This Week in Apple History
Published August 30th, 2004
[Authors Note: Owen and I are still behind in this series, but are working hard to catch up - Bryan]
The year was 1983, and Steve Wozniak is throwing his second, massive US Festival, the Woodstock of the 80s. The US Festival had 25 bands, and the Apple cofounder lost some US$20 million on the two festivals combined.
Cut ahead to 1985, and we have a different sort of festival being duked out in Apple's board room. Steve Jobs, having found out that the man he brought over from Pepsi, John Sculley, was intending to strip him of responsibilities for the Mac division, stages a preemptive board room strike. Mr. Jobs tries to get the board to fire John Sculley instead, saying that Mr. Sculley was bad for Apple. With the backing of flamboyant Jean-Louis Gassée, Mr. Sculley won that battle, and Steve Jobs soon left Apple to form NeXT computer, and to buy Pixar.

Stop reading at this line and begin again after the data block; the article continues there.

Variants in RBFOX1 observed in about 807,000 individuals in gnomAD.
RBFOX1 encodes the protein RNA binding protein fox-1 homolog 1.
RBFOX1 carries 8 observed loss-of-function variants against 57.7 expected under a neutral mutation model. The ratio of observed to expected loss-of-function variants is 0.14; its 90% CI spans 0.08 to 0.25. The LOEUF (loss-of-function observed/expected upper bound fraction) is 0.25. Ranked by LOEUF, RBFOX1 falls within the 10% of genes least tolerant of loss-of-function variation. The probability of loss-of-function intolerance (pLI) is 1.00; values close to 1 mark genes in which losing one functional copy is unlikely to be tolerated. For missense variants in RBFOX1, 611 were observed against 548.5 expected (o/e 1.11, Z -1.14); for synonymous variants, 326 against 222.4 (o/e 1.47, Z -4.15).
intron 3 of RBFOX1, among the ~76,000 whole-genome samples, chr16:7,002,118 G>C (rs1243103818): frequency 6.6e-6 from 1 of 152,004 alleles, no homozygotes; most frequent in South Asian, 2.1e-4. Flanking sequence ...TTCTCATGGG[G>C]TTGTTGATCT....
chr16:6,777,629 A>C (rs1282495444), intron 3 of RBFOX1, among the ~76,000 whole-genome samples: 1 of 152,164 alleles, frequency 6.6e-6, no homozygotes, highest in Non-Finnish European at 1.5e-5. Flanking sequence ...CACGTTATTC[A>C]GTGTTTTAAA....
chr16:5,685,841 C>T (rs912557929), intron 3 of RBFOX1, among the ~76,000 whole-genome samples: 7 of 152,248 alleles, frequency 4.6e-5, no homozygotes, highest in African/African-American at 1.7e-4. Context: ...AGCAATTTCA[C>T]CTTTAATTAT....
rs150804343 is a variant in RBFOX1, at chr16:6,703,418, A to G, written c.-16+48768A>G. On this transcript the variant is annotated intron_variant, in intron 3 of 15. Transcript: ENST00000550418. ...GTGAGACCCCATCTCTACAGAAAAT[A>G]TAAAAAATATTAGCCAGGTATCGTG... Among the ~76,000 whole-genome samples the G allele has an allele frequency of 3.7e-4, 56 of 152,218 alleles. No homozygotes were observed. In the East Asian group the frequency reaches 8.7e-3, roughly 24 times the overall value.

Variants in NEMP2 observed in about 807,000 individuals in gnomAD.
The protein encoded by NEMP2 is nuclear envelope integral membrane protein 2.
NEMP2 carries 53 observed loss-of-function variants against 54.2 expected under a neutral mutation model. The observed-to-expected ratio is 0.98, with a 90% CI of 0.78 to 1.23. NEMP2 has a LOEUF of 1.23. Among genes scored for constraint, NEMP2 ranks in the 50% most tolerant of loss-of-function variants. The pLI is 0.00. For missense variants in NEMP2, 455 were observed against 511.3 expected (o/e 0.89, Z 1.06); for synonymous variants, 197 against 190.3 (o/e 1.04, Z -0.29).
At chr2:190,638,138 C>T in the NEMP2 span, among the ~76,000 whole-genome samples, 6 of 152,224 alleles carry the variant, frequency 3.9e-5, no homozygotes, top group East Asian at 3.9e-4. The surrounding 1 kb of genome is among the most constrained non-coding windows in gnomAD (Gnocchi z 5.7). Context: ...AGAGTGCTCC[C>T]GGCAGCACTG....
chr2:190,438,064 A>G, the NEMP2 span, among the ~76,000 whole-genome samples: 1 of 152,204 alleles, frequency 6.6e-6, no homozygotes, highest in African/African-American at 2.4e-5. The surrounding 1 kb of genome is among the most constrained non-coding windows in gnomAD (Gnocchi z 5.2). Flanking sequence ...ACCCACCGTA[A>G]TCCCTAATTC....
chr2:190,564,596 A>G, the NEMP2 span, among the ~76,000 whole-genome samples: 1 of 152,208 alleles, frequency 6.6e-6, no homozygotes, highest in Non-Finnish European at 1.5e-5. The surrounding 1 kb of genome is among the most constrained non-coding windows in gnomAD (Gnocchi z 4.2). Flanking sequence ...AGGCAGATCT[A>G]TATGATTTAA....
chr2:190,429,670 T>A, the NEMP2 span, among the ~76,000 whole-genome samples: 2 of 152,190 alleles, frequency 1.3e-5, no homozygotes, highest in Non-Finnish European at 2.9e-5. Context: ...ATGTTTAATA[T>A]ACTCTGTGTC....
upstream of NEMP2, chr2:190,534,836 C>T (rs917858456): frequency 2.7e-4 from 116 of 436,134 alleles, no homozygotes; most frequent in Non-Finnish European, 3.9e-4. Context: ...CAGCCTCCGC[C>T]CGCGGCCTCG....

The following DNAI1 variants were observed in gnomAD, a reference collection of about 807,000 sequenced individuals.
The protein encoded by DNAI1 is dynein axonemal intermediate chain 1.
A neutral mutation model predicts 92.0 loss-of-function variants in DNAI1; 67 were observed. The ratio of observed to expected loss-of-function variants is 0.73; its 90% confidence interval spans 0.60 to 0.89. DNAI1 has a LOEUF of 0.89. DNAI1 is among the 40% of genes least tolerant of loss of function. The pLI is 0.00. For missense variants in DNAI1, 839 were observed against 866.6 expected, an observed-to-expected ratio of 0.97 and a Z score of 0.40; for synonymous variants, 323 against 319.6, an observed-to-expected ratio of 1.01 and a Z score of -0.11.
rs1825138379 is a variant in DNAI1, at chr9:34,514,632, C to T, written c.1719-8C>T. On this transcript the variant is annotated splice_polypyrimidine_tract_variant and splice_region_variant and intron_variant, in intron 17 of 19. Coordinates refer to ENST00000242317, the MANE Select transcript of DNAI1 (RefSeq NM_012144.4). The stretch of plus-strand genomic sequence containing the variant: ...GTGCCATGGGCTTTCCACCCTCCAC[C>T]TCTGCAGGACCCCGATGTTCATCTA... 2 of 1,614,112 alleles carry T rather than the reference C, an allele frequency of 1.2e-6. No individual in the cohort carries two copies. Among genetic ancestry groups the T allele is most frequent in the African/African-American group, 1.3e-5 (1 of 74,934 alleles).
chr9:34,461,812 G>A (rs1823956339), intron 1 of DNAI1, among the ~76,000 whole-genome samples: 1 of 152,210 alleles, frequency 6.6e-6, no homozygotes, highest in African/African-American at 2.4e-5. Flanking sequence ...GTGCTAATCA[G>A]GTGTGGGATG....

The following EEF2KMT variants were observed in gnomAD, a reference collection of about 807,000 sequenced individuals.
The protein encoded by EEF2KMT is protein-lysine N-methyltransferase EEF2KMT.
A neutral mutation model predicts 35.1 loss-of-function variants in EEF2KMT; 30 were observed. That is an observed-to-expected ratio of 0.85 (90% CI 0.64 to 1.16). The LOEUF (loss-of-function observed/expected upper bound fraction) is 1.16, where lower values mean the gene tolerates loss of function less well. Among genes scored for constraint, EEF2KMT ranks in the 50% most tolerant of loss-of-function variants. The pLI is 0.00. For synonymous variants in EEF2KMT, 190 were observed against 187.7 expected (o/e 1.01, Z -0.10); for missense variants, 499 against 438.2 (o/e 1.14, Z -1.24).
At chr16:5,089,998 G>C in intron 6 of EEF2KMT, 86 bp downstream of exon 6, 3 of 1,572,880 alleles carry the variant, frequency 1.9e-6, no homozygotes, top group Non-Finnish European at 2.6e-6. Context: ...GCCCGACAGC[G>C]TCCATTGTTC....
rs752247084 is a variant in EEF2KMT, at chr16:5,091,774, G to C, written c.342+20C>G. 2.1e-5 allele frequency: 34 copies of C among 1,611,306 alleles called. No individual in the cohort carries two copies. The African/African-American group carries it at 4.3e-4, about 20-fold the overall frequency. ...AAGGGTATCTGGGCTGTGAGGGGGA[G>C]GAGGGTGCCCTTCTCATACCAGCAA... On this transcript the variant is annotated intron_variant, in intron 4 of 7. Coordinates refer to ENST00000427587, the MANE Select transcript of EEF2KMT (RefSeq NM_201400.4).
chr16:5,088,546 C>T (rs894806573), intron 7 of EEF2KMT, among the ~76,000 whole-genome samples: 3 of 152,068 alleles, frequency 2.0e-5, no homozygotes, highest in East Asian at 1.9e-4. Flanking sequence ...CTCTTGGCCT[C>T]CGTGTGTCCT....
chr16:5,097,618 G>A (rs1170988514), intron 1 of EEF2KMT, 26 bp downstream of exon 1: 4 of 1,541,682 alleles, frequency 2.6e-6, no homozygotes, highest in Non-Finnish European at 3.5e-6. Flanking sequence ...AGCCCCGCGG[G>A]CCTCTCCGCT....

It was this week in 1992 that the victorious Sculley signed his own death warrant by introducing the Newton prototype at the CES show in Chicago. The Newton found itself the object of derision and ridicule on talk shows -- and perhaps most famously in the comic strip Doonesbury -- because of its poor handwriting recognition, and never did receive its proper due. That is, until the Message Pad 2000 and 2001 were introduced, when the Newton platform finally took off. Of course, it was shortly thereafter that the returned Steve Jobs killed the Newton division, bringing everything to a nice, neat, looping close.
Another of Apple's few and far between product failures made its debut this week in 1997, as Apple began accepting orders for the Twentieth Anniversary Macintosh, or TAM as it has become known. Announced at US$9,999, but later dropped to mere US$7,499, the sexy and gorgeous TAM was a flop.
The early days of the Mac, and the dynamic relationships between Steve Jobs, Steve Wozniak, Bill Gates, John Sculley, and a host of early computer pioneers, was chronicled in a made-for-TV movie called The Pirates of Silicon Valley that debuted this week in 1999. The movie was a hit with nerds, and largely praised for its portrayal of events.
There's more in the time line below in This Week in Apple History.